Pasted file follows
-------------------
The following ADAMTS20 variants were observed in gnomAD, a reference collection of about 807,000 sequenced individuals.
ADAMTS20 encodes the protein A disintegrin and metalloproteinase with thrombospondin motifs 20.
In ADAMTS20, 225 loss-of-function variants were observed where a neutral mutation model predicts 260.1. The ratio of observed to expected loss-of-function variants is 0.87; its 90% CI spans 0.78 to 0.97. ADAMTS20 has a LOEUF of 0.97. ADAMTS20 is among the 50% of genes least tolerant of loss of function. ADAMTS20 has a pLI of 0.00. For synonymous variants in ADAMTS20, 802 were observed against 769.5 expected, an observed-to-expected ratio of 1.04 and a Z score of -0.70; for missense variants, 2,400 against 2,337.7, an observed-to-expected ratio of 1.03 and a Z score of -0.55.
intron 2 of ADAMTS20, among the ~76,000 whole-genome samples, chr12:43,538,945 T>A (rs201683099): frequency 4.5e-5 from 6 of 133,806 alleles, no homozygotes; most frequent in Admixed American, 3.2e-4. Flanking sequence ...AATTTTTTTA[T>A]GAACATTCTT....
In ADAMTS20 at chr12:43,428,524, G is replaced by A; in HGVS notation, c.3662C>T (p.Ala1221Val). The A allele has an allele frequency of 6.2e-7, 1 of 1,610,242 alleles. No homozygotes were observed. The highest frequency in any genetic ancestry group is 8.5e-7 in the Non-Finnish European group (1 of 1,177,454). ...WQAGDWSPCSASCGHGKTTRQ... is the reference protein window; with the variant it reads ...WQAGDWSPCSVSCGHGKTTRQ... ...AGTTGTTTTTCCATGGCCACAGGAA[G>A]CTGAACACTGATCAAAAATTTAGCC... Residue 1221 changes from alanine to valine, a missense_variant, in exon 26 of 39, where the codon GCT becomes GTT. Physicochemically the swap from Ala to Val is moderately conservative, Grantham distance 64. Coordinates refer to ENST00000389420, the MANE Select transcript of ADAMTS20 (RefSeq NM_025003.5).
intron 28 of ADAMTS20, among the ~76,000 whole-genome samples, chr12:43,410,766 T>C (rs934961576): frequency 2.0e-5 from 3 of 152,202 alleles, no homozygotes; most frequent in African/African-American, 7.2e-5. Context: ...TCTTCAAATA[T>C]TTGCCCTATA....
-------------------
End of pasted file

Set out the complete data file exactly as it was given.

The following ADAMTS20 variants were observed in gnomAD, a reference collection of about 807,000 sequenced individuals.
ADAMTS20 encodes the protein A disintegrin and metalloproteinase with thrombospondin motifs 20.
In ADAMTS20, 225 loss-of-function variants were observed where a neutral mutation model predicts 260.1. The ratio of observed to expected loss-of-function variants is 0.87; its 90% CI spans 0.78 to 0.97. ADAMTS20 has a LOEUF of 0.97. ADAMTS20 is among the 50% of genes least tolerant of loss of function. ADAMTS20 has a pLI of 0.00. For synonymous variants in ADAMTS20, 802 were observed against 769.5 expected, an observed-to-expected ratio of 1.04 and a Z score of -0.70; for missense variants, 2,400 against 2,337.7, an observed-to-expected ratio of 1.03 and a Z score of -0.55.
intron 2 of ADAMTS20, among the ~76,000 whole-genome samples, chr12:43,538,945 T>A (rs201683099): frequency 4.5e-5 from 6 of 133,806 alleles, no homozygotes; most frequent in Admixed American, 3.2e-4. Flanking sequence ...AATTTTTTTA[T>A]GAACATTCTT....
In ADAMTS20 at chr12:43,428,524, G is replaced by A; in HGVS notation, c.3662C>T (p.Ala1221Val). The A allele has an allele frequency of 6.2e-7, 1 of 1,610,242 alleles. No homozygotes were observed. The highest frequency in any genetic ancestry group is 8.5e-7 in the Non-Finnish European group (1 of 1,177,454). ...WQAGDWSPCSASCGHGKTTRQ... is the reference protein window; with the variant it reads ...WQAGDWSPCSVSCGHGKTTRQ... ...AGTTGTTTTTCCATGGCCACAGGAA[G>A]CTGAACACTGATCAAAAATTTAGCC... Residue 1221 changes from alanine to valine, a missense_variant, in exon 26 of 39, where the codon GCT becomes GTT. Physicochemically the swap from Ala to Val is moderately conservative, Grantham distance 64. Coordinates refer to ENST00000389420, the MANE Select transcript of ADAMTS20 (RefSeq NM_025003.5).
intron 28 of ADAMTS20, among the ~76,000 whole-genome samples, chr12:43,410,766 T>C (rs934961576): frequency 2.0e-5 from 3 of 152,202 alleles, no homozygotes; most frequent in African/African-American, 7.2e-5. Context: ...TCTTCAAATA[T>C]TTGCCCTATA....